Parsing Natural Language Queries for Extracting Data from Large-Scale Geospatial Transportation Asset RepositoriesRecent advances in data and information technologies have enabled extensive digital datasets to be available to decision makers throughout the life cycle of a transportation project. However, most of these data are not yet fully reused due to the challenging and time-consuming process of extracting the desired data for a specific purpose. Digital datasets are presented only in computer-readable formats and they are mostly complicated. Extracting data from complex and large data sources is significantly time-consuming and requires considerable expertise. Thus, there is a need for a user-friendly data exploration framework that allows users to present their data interests in human language. To fulfill that demand, this study employs natural language processing (NLP) techniques to develop a natural language interface (NLI) which can understand users’ intent and automatically convert their inputs in the human language into formal queries. This paper presents the results of an important task of the development of such a NLI that is to establish a method for classifying the tokens of an ad-hoc query in accordance with their semantic contribution to the corresponding formal query. The method was validated on a small test set of 30 plain English questions manually annotated by an expert. The resultmore »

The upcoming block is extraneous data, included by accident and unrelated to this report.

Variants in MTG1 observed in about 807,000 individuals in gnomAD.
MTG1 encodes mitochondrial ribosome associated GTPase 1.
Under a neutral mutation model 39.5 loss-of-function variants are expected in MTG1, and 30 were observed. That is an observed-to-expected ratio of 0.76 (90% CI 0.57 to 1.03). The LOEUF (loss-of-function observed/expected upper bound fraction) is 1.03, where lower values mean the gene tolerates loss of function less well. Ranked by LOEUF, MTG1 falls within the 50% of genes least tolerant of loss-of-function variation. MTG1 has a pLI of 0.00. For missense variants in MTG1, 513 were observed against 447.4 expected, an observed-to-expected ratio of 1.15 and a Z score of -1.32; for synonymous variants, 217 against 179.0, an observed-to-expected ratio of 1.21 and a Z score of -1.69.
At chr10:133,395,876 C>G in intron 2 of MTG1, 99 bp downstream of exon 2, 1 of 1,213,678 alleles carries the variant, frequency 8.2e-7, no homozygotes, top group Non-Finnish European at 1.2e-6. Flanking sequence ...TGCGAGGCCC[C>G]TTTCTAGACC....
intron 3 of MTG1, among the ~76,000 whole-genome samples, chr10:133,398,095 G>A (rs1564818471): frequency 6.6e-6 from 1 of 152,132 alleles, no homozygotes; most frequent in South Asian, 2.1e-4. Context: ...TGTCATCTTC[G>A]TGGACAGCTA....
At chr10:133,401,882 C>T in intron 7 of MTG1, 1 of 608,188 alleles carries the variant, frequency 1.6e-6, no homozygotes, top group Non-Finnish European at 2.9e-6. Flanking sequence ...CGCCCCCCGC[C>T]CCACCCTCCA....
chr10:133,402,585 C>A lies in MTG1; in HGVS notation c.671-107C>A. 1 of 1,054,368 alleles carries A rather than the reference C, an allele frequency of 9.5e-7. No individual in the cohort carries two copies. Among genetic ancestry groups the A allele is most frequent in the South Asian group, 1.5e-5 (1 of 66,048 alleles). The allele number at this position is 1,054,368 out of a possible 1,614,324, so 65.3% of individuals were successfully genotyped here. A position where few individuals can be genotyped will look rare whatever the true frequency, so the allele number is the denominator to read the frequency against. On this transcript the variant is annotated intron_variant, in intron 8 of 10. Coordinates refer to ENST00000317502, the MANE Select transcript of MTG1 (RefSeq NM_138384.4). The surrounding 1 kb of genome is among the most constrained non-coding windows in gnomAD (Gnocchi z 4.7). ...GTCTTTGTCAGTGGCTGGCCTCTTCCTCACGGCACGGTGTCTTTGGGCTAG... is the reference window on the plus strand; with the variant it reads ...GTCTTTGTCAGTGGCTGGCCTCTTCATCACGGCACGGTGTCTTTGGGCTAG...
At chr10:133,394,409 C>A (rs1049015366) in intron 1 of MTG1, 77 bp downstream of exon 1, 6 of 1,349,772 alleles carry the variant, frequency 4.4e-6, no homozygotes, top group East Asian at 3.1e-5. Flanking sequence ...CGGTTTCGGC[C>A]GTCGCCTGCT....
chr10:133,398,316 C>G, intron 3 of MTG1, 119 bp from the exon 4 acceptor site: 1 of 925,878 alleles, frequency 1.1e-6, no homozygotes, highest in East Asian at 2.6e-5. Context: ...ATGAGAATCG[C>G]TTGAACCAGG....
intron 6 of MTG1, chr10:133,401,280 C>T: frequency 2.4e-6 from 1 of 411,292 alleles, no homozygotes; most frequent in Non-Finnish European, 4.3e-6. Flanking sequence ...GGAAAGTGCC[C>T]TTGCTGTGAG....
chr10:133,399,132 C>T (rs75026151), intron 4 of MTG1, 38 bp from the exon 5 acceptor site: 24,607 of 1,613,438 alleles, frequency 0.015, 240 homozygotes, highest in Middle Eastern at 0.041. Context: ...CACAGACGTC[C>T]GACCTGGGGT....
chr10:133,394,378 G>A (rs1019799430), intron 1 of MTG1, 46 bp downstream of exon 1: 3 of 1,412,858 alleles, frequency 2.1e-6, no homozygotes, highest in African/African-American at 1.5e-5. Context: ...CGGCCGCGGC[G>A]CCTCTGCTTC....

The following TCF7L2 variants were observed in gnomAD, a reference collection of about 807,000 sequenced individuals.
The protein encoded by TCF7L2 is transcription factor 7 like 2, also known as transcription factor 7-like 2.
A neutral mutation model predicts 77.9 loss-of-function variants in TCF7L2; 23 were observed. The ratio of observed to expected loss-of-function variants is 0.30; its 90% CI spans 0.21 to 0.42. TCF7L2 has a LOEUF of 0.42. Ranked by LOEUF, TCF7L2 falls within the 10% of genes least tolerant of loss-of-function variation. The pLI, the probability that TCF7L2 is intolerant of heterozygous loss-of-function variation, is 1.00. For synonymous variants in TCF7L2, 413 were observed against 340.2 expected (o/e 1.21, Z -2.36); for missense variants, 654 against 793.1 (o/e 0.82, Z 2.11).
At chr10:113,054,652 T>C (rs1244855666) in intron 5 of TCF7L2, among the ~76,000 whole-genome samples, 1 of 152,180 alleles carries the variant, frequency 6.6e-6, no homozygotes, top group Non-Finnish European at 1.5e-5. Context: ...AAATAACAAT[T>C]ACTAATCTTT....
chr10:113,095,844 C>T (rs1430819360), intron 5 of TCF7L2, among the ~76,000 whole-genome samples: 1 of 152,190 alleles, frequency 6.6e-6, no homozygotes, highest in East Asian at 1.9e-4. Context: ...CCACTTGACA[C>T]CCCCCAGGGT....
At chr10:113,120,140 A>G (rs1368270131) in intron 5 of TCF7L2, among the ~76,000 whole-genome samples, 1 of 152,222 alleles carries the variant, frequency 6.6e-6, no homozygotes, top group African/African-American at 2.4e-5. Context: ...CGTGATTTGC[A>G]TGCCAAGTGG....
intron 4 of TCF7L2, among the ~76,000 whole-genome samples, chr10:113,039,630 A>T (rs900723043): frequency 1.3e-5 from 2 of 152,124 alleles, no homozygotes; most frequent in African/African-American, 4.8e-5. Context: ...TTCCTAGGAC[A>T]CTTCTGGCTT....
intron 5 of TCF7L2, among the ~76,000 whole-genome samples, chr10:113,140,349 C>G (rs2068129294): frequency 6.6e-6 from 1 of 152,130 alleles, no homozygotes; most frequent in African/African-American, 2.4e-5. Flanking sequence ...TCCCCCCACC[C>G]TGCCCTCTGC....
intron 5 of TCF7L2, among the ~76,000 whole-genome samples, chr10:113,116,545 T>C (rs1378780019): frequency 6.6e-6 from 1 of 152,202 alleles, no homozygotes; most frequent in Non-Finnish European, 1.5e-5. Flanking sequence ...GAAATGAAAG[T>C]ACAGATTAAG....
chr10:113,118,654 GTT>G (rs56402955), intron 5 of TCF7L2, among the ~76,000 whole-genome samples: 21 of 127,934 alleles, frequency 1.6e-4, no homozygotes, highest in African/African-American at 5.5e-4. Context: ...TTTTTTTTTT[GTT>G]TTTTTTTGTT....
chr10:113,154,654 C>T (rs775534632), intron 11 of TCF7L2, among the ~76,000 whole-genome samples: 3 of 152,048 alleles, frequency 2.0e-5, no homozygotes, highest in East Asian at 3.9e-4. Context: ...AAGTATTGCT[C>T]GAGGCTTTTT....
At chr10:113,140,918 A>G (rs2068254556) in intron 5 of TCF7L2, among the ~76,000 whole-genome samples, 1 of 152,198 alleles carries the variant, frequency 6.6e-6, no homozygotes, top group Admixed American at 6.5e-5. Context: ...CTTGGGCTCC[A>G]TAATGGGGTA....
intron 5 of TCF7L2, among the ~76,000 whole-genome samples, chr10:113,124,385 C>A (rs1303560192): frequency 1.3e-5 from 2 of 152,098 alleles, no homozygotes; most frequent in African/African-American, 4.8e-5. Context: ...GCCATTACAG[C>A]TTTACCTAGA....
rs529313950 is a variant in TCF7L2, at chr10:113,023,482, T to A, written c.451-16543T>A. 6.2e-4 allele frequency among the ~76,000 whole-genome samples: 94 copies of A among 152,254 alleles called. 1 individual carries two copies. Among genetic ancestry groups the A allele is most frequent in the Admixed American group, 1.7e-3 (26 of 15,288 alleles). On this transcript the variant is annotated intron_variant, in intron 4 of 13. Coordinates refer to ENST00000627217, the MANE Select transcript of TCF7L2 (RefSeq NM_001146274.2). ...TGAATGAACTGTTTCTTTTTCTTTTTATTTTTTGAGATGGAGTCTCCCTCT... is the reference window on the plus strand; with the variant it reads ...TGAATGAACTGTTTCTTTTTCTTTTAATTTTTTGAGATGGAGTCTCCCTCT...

To build robust question answering systems, we need the ability to verify whether answers to questions are truly correct, not just “good enough” in the context of imperfect QA datasets. We explore the use of natural language inference (NLI) as a way to achieve this goal, as NLI inherently requires the premise (document context) to contain all necessary information to support the hypothesis (proposed answer to the question). We leverage large pre-trained models and recent prior datasets to construct powerful question conversion and decontextualization modules, which can reformulate QA instances as premise-hypothesis pairs with very high reliability. Then, by combining standard NLI datasets with NLI examples automatically derived from QA training data, we can train NLI models to evaluate QA models’ proposed answers. We show that our approach improves the confidence estimation of a QA model across different domains, evaluated in a selective QA setting. Careful manual analysis over the predictions of our NLI model shows that it can further identify cases where the QA model produces the right answer for the wrong reason, i.e., when the answer sentence cannot address all aspects of the question.